Senior safety adviser, Volvo
Broberg, 42, studies the driving habits of the aging to develop cars that will keep them — and other drivers — safe.
“Baby boomers are going to live longer, and healthier, than any generation before, which means there will be a higher percentage of older drivers on the road. There’s a misconception that they’re involved in more accidents than younger drivers, but they’re not. They just have different reactions. We recently tracked senior drivers’ eye movements in intersections and learned that they focus on line markings and road signs, while younger drivers focus on moving objects like other cars, bicyclists, and pedestrians. We have to consider this significant behavioral difference as we design safety technologies. The solution is to build cars with senses. We have cars today that can recognize a potential collision, feel if the driver is responding or not, and automatically apply the brakes if necessary. The next big step toward a crash-free future will be designing cars that can communicate with one another and everything that is around them.”
-Online Extended Q&A-
Fast Company: Improving road safety seems like quite the challenge to take on.
TB: Road safety is not just a problem—it’s an epidemic. If you look at the US alone, 37,000 Americans lost their lives in traffic accidents last year, and more than a million were injured. The UN estimates that 1.2 billion people are killed globally each year. We have to have knowledge about the drive from two different aspects, both how our bodies can avoid forces when in a collision and how drivers behave. It’s more about psychology and cognitive science.
FC: What are some of those behavioral differences?
TB: It’s about taking risks and understanding the consequences of those risks. We’re just publishing a study where we have senior drivers, who are healthy, compared to drivers ages 35-45. We checked their neck flexibility; we tracked their eye movements in intersections. What we thought we would find was, based on the circumstances, you take less risks if you have more experience. We actually found that there’s just a strong difference in what drivers look at: senior drivers focus on line markings and road signs, while younger drivers focus on moving objects. That’s a significant difference.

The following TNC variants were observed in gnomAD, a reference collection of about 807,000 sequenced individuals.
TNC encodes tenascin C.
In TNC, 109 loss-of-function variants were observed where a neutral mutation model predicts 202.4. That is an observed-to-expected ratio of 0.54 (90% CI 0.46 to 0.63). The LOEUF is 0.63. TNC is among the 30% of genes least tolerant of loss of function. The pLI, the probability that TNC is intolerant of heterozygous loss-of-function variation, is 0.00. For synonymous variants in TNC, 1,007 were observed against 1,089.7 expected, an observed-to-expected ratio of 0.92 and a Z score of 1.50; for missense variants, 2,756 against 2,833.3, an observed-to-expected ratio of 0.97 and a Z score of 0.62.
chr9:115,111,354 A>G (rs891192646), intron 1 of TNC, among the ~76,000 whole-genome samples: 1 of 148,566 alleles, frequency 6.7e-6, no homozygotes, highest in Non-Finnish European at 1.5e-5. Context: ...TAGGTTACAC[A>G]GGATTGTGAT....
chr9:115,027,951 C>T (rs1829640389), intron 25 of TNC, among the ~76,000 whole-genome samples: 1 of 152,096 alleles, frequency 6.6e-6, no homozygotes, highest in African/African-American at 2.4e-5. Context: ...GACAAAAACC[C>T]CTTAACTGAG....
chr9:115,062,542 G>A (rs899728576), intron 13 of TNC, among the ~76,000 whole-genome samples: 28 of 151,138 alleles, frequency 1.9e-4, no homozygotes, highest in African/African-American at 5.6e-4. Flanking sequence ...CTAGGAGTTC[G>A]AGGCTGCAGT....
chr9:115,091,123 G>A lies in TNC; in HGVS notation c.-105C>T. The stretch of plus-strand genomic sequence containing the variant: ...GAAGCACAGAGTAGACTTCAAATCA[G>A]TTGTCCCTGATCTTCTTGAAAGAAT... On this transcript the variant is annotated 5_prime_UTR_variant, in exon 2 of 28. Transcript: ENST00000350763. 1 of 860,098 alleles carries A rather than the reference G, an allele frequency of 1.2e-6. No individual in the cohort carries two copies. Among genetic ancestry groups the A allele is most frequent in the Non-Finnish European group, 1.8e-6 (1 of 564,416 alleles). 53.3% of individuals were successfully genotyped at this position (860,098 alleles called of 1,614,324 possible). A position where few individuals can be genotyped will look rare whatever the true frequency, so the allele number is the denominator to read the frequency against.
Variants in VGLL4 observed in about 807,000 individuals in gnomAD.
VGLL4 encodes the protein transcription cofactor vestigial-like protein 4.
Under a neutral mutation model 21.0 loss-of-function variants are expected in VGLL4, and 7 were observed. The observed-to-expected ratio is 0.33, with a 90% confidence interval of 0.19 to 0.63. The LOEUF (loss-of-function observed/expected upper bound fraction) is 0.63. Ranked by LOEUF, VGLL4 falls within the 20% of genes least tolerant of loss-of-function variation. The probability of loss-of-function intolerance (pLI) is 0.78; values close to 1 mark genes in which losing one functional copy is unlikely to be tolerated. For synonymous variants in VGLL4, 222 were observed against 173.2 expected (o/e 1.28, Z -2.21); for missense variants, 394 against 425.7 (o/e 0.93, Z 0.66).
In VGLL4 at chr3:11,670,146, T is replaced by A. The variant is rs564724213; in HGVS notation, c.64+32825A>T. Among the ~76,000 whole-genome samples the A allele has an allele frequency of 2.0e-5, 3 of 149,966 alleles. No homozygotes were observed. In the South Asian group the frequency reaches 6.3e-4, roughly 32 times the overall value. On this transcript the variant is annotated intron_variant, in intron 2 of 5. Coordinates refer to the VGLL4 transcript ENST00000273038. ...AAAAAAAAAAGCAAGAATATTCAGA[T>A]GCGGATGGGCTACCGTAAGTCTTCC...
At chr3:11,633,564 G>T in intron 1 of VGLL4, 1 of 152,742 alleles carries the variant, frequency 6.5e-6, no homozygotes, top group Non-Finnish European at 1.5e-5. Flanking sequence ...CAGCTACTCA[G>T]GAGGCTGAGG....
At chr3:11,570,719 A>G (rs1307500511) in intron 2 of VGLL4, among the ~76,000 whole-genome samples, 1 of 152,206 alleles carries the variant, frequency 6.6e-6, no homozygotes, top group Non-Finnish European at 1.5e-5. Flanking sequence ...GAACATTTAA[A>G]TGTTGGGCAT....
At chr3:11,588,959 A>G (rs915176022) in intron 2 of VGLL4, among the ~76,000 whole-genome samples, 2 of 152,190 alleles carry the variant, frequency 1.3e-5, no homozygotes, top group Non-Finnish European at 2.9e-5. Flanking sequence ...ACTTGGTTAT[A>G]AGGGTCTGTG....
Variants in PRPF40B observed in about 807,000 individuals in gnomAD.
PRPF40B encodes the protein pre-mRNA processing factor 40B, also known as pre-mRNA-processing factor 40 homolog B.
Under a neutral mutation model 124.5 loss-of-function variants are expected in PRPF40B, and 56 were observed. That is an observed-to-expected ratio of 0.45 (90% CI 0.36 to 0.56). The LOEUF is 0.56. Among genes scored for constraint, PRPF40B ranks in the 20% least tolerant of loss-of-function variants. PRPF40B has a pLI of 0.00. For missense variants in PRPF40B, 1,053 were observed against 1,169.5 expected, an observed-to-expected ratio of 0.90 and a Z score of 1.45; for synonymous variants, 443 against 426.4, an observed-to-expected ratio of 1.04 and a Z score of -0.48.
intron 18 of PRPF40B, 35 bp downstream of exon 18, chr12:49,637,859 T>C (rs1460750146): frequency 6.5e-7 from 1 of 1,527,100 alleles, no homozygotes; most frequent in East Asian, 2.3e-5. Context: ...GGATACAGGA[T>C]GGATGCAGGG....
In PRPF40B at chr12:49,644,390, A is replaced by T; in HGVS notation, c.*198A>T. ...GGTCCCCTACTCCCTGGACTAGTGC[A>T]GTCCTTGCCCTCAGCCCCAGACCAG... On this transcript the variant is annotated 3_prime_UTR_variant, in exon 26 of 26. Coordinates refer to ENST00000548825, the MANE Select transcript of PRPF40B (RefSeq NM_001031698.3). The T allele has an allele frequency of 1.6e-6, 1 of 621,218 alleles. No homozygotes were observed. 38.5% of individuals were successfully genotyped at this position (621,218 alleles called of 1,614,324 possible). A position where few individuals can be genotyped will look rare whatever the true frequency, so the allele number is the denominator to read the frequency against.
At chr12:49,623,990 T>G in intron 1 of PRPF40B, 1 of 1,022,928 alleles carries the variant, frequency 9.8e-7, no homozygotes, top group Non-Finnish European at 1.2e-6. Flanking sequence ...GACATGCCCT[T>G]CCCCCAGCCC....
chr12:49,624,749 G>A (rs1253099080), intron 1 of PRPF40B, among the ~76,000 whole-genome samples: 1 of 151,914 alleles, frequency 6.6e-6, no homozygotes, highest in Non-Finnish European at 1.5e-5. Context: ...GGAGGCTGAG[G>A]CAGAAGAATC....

FC: How can Volvo go about reducing collisions, if it comes down to different habits of these groups?
TB: We have technologies today that can detect if a driver is about to fall asleep. We have technologies that address distractedness—if you’re about to collide, it can warn you. These design factors help all drivers, especially seniors. This group is growing, and mobility is important to them. They’re not willing to give that up. Cars like the S60 or XC60, we’ve pretty much built them with these senses.
FC: What are the next steps, moving beyond collision warnings?
TB: We have an ambitious goal set at Volvo, and that is by 2020, no one should be killed or seriously injured in a new Volvo, and these features are the humble first steps toward that crash-free future. Next we need cars to communicate with one another, to not just warn the driver but to take action in order to avoid a collision. Cars shouldn’t crash.
This interview has been condensed and edited.